Last year’s “SSI’s Expanded Agenda” summarized recent trends in the space environment and outlined general areas of research leading to a more effective path to space settlement. During the past year, the environment has become even less receptive to long-term investment in space infrastructure. At the same time, new areas have been identified that need integrating into the SSI strategic plan for reaching the high frontier. In addition to specific research projects, the SSI Board of Directors annually reviews and approves the underlying statement of research objectives for the Institute. In this article we would like to report the exciting conclusions of the November 18, 1995 Board of Directors’ meeting regarding SSI’s “Seeds in Space” programs for the coming years.

Environment

The abrupt disappearance of the Soviet Union and the cold war is having the predicted negative effect on the United States’ military and space programs. In fact, Russian space scientists are competing vigorously for NASA budgets, which in turn are not faring well against the increasing national priorities of crime, poverty, health care, education, environment and the balance budget. NASA is also undergoing organizational change, with the Jet Propulsion Lab solidifying its role as the primary center for space automation and robotics.

Near-Earth-Object (NEO) issues have been quite active this year. The United Nations hosted an international conference on the asteroid threat in New York and a Planetary Defense Workshop was held in Livermore, CA in May. This latter workshop not only unified the previously contentious NEO Detection and Intercept Workshops, but it included contributors from NASA, DOE, DOD and international space organizations – including a dozen Russian scientists. The class of threatening NEOs was expanded from the previous 2000 objects over 1km in diameter to the almost million objects over 100 meters in diameter (see Figure 1). Gene Shoemaker, directed by Congress and NASA to develop a plan to accelerate the detection of NEOs, presented a program costing less than half that presented by the Detection Workshop in 1992, yet it was still rejected by NASA. The SSI view of NEOs is that, although they are a potential threat, they are also an enormous opportunity. They represent very valuable resources that are especially needed during the early phases of the march into space.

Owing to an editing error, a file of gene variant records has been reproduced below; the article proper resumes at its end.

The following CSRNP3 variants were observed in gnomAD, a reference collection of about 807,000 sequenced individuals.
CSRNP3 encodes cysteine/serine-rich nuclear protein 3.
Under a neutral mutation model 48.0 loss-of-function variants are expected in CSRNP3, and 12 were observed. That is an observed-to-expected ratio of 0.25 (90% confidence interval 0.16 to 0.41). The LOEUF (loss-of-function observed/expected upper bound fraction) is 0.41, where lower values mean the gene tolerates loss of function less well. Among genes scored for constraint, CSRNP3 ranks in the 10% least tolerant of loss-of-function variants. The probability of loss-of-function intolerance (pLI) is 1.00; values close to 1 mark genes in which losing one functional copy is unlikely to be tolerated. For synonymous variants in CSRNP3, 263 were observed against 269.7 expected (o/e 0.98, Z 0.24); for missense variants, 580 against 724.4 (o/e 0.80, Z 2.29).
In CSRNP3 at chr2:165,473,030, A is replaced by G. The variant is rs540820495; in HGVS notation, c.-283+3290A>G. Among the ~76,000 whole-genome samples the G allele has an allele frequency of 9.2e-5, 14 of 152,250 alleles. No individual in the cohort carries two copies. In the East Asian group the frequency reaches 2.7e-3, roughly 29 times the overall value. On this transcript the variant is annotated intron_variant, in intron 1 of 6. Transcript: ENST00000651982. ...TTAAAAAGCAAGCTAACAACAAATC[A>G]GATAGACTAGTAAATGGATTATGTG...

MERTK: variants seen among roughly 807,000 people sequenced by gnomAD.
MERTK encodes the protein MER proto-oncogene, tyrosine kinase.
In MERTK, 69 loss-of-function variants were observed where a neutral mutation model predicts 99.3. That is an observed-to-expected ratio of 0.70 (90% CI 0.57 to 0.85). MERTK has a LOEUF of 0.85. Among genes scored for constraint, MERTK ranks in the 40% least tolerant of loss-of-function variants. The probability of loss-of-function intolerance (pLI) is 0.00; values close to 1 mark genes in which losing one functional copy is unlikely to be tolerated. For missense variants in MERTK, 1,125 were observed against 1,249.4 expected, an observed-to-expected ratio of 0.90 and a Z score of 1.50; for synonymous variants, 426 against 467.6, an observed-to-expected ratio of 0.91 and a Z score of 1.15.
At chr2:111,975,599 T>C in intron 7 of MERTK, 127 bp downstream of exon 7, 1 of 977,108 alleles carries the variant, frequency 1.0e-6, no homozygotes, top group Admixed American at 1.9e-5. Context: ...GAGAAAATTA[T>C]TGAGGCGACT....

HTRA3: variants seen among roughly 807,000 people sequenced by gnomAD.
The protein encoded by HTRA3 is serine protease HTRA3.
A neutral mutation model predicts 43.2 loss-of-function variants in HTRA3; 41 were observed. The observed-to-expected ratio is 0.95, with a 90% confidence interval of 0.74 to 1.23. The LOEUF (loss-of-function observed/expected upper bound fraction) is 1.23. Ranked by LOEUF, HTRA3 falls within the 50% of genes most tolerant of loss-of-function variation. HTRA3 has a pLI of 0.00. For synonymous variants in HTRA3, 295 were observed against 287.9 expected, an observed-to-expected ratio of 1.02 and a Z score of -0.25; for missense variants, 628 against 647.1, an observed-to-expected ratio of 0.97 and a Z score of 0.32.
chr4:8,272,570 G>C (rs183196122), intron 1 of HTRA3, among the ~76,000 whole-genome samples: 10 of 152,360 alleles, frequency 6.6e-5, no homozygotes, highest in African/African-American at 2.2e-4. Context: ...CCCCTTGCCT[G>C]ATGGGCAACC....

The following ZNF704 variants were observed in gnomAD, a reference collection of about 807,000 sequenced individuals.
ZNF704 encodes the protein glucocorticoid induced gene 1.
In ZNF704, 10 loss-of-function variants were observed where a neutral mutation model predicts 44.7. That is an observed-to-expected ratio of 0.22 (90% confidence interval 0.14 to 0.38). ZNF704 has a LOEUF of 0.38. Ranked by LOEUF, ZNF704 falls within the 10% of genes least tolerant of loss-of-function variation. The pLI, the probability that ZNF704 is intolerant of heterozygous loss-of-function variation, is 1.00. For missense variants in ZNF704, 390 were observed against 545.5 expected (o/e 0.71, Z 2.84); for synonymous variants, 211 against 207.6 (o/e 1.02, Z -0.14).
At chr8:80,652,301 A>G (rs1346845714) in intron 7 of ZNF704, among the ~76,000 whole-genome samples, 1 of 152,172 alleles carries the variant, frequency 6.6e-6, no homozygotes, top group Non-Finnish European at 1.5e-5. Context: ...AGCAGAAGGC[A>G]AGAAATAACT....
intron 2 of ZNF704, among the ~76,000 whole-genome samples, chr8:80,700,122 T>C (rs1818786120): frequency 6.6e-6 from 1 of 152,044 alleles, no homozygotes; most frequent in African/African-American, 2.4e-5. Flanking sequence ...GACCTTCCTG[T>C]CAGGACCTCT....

Space Studies Institute Newsletter 1995 Q4 image 1

Of all the technologicaf surprises of the past few decades, these two remain as the most noteworthy for our purposes of furthering the High Frontier: The greatest disappointment is that the cost to lift a point from Earth to orbit has not decreased as projected; indeed it can be claimed it has not decreased at all. The greatest miracle is the astounding advance in computer science and communications, surpassing even the most optimistic projections of four decades ago. These observations provide us with an opportunity to reassess the most effective pace and balance of space settlement strategy and specifically to examine the value of unmanned “seeds in space” as precursors to human activity. Since the expected decrease of the cost per pound into space is not happening, we must use the unexpected advances in computers to increase the effectiveness of each of these pounds by orders of magnitude.

The Research Space

To facilitate a consideration of alternatives, a two-dimensional “research space” is defined (see Figure 2.1). The vertical dimen­sion denotes the relative miniaturization of the “seed,” starting with the present state of the art (meters) and extending up to the domain of molecular nanotechnology (nanometers). The horizontal scale is more difficult to abstract and denotes an increasingly challenging hierarchy of functionality starting with variable autonomy, rising through cooperative colonies and eventually to partial and full self replication.

Space Stuides Institute  Newsletter 1995 Q4 image 2